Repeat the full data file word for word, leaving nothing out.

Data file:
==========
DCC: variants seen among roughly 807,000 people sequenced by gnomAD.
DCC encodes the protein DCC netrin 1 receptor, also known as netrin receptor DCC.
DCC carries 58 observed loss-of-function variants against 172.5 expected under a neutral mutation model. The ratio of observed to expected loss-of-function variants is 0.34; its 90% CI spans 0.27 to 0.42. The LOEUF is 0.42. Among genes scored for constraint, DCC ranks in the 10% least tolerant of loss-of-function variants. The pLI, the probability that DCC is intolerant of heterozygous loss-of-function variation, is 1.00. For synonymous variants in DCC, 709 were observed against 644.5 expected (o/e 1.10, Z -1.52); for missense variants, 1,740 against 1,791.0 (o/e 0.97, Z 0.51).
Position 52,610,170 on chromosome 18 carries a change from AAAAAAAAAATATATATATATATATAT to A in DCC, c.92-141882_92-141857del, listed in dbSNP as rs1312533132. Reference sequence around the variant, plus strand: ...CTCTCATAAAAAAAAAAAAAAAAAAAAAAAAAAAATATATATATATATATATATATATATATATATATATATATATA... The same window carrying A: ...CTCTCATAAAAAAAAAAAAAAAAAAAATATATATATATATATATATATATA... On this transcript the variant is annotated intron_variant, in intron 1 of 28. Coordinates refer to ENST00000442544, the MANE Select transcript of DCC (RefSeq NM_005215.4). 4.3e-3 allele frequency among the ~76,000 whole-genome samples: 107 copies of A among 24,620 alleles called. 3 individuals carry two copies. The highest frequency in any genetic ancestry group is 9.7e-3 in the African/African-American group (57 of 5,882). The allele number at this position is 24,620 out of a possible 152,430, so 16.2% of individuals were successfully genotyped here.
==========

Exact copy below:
DCC: variants seen among roughly 807,000 people sequenced by gnomAD.
DCC encodes the protein DCC netrin 1 receptor, also known as netrin receptor DCC.
DCC carries 58 observed loss-of-function variants against 172.5 expected under a neutral mutation model. The ratio of observed to expected loss-of-function variants is 0.34; its 90% CI spans 0.27 to 0.42. The LOEUF is 0.42. Among genes scored for constraint, DCC ranks in the 10% least tolerant of loss-of-function variants. The pLI, the probability that DCC is intolerant of heterozygous loss-of-function variation, is 1.00. For synonymous variants in DCC, 709 were observed against 644.5 expected (o/e 1.10, Z -1.52); for missense variants, 1,740 against 1,791.0 (o/e 0.97, Z 0.51).
Position 52,610,170 on chromosome 18 carries a change from AAAAAAAAAATATATATATATATATAT to A in DCC, c.92-141882_92-141857del, listed in dbSNP as rs1312533132. Reference sequence around the variant, plus strand: ...CTCTCATAAAAAAAAAAAAAAAAAAAAAAAAAAAATATATATATATATATATATATATATATATATATATATATATA... The same window carrying A: ...CTCTCATAAAAAAAAAAAAAAAAAAAATATATATATATATATATATATATA... On this transcript the variant is annotated intron_variant, in intron 1 of 28. Coordinates refer to ENST00000442544, the MANE Select transcript of DCC (RefSeq NM_005215.4). 4.3e-3 allele frequency among the ~76,000 whole-genome samples: 107 copies of A among 24,620 alleles called. 3 individuals carry two copies. The highest frequency in any genetic ancestry group is 9.7e-3 in the African/African-American group (57 of 5,882). The allele number at this position is 24,620 out of a possible 152,430, so 16.2% of individuals were successfully genotyped here.